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# Parallel that clauses

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Intern
Joined: 24 Sep 2010
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10 Oct 2010, 15:57
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From Gmat Prep ver 1, the correct answer was (slightly rephrased for brevity):

One automobile manufacturer has announced plans to increase fuel efficiency by 25%, an increase that would amount to roughly 5 mpg and would represent the first major advance in over a decade.

Now, per MGMAT, parallel clauses must always start with the same word. So in this case, it should be "an increase that X, and that Y" instead of "an increase that X, and Y". A specific example from MGMAT: Chapter 4, 3rd edition, page 63: "She argued THAT the agency acted recklessly and THAT it should be shut down."

The missing THAT in the answer choice made me pick an incorrect answer. I would like to know if MGMAT got it wrong or overly restrictive on this one. In other words, is it _preferable_ to have a THAT here or is it a MUST HAVE?
Manhattan GMAT Instructor
Joined: 22 Sep 2010
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Schools: MBA, Thunderbird School of Global Management / BA, Wesleyan University

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13 Oct 2010, 07:42
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Vinay3-

You are right that parallel clauses should start with the same word. The issue is that the parallel clauses in your example don't start with the word "that". Instead, they start with the world "would." Think of "that" as the last word in the first part of the sentence, before the parallelism begins:

I told my sister that I liked her dog and I hated her cat.

I told my sister that:
- I liked her dog and
- I hated her cat.

*We don't need to repeat the word "that" here because it distributes.

Given the chance, I would move to Hawaii and open a surf shop.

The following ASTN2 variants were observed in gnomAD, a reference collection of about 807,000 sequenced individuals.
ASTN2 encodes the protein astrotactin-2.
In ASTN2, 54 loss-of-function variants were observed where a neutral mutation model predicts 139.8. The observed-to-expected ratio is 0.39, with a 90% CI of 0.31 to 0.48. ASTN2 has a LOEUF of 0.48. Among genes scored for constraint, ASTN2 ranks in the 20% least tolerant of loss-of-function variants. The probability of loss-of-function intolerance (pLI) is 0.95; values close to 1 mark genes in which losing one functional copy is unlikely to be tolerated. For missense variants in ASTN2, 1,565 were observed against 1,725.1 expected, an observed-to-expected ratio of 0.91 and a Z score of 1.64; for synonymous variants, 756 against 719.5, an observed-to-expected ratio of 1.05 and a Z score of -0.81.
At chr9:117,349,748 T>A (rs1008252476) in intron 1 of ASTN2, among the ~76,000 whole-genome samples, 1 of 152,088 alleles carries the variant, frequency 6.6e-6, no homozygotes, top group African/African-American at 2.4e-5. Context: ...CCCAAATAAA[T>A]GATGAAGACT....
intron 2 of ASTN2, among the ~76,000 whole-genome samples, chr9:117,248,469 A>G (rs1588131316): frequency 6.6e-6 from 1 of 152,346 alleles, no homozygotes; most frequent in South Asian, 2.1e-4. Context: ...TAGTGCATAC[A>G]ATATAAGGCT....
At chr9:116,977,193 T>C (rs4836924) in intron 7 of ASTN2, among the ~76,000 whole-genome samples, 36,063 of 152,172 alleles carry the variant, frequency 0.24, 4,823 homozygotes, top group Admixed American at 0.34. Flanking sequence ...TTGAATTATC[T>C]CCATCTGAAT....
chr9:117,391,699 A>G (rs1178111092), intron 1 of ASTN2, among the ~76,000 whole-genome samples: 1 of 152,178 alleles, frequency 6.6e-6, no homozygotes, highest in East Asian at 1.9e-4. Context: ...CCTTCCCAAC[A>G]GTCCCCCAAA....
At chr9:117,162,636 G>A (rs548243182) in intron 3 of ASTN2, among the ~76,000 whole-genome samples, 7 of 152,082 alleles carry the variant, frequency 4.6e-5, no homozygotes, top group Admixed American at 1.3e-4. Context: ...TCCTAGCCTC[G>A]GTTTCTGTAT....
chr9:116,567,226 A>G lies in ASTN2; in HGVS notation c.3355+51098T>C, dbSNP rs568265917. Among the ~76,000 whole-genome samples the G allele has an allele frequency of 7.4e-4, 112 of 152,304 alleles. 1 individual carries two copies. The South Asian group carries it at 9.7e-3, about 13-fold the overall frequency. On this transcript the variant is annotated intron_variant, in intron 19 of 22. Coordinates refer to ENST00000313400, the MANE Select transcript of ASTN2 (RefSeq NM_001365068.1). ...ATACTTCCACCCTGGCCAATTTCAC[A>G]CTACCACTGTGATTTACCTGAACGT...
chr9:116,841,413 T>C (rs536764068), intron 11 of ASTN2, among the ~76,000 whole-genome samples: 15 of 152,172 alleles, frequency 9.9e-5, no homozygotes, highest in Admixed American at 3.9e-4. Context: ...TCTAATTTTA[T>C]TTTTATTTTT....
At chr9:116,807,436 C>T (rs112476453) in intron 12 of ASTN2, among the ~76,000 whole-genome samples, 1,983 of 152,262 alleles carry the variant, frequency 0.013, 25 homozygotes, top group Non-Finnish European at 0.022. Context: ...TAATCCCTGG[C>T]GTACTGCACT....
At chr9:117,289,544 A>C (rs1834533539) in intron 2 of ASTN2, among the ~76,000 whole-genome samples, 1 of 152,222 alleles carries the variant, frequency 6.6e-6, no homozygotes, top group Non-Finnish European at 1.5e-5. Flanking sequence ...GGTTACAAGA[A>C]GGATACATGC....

Given the chance, I would:
-move to Hawaii and
-open a surf shop

*Again, the word "would" here distributes to both verbs. Notice in this example that one clause starts with "move" and one starts with "open" because they both actually use the word "would."

The idea behind our rule that parallel clauses must start with the same word is that you can't have a situation such as the following:

-I bought a house that has four bedrooms and where I can relax.

Here, one clauses starts with "that" and one starts with "where." This is not OK, since these words are serving the same purpose and to make it parallel you'd have to be distributing the word "house," which you can't do.

Make sense?

Brett
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Brett Beach-Kimball | Manhattan GMAT Instructor

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Intern
Joined: 24 Sep 2010
Posts: 20

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13 Oct 2010, 11:22
Thanks Brett for your detailed response.

Overall, what you say makes sense. So, the rule would be that "if you have 2 parallel clauses, and both begin with the same word (looks like it is always a subordinating word like that, would etc), it is okay to drop one instance of that word. However, if you have 2 parallel clauses that use 2 different starting words (e.g. that vs would), then it is a grammatical error."

Is it then safe to say that in the specific example from MGMAT - Chapter 4, 3rd edition, page 63: "She argued THAT the agency acted recklessly and THAT it should be shut down." - it is okay to drop the 2nd THAT? Both of these are THAT clauses, and THAT should thus distribute to both? In other words, is "She argued that the agency acted recklessly and it should be shut down." correct? Somehow, I am not liking the sound of this sentence. If this sentence is not correct, I would once again be confused
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Schools: MBA, Thunderbird School of Global Management / BA, Wesleyan University

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19 Oct 2010, 20:32
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Yes! It would be grammatically correct to say "She argued that the agency acted recklessly and it should be shut down."

Nice work!
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Brett Beach-Kimball | Manhattan GMAT Instructor

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Re: Parallel that clauses   [#permalink] 19 Oct 2010, 20:32
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